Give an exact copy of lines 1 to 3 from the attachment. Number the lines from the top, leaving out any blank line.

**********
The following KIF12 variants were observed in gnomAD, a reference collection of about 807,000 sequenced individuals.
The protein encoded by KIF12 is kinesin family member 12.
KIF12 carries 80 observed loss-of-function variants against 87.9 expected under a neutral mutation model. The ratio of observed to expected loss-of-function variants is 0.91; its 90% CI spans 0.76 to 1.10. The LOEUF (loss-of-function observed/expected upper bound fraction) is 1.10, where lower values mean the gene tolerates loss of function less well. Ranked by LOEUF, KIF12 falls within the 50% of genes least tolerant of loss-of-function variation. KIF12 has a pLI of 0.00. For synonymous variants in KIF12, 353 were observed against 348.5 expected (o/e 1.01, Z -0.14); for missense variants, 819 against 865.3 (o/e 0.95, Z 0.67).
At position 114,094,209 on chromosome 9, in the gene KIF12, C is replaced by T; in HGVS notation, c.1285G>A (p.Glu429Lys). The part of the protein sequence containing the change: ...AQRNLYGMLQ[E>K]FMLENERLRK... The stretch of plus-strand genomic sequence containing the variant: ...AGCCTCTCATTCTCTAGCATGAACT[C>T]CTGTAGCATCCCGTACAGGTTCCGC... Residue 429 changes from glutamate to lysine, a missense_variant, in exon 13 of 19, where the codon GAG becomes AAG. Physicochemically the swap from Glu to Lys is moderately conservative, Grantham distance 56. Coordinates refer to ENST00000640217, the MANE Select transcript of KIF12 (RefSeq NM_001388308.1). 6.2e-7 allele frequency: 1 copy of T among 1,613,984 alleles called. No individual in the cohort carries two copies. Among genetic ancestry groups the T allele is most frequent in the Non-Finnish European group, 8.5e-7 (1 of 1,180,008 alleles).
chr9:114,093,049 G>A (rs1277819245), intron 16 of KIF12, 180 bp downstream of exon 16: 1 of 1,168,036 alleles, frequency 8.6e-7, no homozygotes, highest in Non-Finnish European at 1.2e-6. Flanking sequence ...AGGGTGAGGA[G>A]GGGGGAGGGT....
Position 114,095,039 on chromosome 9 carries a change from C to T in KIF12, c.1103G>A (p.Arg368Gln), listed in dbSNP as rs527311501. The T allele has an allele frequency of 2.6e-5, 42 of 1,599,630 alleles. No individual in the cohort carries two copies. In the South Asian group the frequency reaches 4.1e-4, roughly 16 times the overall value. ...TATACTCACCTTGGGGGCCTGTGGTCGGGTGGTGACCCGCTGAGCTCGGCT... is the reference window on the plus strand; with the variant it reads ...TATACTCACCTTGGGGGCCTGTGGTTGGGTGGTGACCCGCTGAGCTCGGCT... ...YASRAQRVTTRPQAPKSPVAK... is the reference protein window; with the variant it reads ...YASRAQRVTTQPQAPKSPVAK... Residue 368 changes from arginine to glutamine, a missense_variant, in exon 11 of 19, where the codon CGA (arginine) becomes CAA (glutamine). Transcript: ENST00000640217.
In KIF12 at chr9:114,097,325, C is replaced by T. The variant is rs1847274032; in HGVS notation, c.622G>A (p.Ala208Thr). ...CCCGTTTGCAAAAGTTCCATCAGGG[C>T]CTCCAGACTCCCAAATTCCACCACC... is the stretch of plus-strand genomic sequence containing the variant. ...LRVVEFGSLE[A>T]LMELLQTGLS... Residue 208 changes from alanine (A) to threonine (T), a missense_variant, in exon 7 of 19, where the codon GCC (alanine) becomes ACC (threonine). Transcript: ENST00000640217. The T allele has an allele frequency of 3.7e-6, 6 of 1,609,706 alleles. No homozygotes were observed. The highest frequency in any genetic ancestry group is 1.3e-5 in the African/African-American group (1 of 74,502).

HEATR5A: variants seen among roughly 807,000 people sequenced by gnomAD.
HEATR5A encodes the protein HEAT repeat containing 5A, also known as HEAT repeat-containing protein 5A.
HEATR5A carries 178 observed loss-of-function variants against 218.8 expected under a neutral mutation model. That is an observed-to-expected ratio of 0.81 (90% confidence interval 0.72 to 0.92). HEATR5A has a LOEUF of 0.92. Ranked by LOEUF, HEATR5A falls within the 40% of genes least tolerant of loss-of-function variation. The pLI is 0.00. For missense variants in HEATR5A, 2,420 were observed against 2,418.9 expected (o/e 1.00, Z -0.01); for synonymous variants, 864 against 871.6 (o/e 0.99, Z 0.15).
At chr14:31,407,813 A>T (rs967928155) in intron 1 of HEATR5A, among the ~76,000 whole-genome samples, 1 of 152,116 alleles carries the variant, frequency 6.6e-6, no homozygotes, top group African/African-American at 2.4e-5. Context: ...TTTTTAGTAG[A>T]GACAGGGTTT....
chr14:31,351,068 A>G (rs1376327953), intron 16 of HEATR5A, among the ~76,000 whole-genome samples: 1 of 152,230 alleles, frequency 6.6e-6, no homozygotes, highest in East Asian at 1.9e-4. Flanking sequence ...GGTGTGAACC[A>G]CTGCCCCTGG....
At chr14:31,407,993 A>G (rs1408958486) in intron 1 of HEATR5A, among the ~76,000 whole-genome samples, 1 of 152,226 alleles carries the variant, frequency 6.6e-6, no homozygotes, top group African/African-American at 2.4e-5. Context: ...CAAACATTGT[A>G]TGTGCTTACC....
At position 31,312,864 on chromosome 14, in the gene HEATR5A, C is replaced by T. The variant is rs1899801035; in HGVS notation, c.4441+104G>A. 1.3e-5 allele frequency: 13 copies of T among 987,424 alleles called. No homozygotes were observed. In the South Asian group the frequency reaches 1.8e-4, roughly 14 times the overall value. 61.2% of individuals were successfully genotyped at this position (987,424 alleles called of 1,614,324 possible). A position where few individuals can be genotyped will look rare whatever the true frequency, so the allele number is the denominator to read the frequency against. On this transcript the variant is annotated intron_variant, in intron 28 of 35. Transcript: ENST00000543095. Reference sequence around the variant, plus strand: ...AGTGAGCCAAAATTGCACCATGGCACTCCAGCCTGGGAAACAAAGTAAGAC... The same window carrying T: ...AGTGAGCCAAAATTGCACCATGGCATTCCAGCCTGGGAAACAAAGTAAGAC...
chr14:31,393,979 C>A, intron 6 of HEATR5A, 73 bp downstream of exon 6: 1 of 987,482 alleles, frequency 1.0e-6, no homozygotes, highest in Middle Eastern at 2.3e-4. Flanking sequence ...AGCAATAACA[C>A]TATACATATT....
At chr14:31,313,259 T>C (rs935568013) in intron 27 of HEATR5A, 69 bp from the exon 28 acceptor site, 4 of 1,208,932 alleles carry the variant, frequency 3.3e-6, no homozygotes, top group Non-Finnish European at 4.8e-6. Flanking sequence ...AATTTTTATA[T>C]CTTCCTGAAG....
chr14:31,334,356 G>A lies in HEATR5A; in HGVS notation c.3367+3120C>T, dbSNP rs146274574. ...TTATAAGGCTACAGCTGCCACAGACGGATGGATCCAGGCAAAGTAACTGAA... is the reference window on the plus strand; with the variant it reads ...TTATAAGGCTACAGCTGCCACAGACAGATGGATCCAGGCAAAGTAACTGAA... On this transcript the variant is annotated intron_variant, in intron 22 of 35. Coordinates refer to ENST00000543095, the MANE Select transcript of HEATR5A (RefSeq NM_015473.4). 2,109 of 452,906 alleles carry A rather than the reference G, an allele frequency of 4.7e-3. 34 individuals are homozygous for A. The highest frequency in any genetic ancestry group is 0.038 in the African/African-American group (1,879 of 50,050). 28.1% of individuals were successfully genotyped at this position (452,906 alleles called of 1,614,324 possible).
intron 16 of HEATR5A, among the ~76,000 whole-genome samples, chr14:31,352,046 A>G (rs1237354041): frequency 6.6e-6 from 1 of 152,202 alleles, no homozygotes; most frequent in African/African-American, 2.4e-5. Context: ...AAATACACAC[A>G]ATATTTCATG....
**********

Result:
The following KIF12 variants were observed in gnomAD, a reference collection of about 807,000 sequenced individuals.
The protein encoded by KIF12 is kinesin family member 12.
KIF12 carries 80 observed loss-of-function variants against 87.9 expected under a neutral mutation model. The ratio of observed to expected loss-of-function variants is 0.91; its 90% CI spans 0.76 to 1.10. The LOEUF (loss-of-function observed/expected upper bound fraction) is 1.10, where lower values mean the gene tolerates loss of function less well. Ranked by LOEUF, KIF12 falls within the 50% of genes least tolerant of loss-of-function variation. KIF12 has a pLI of 0.00. For synonymous variants in KIF12, 353 were observed against 348.5 expected (o/e 1.01, Z -0.14); for missense variants, 819 against 865.3 (o/e 0.95, Z 0.67).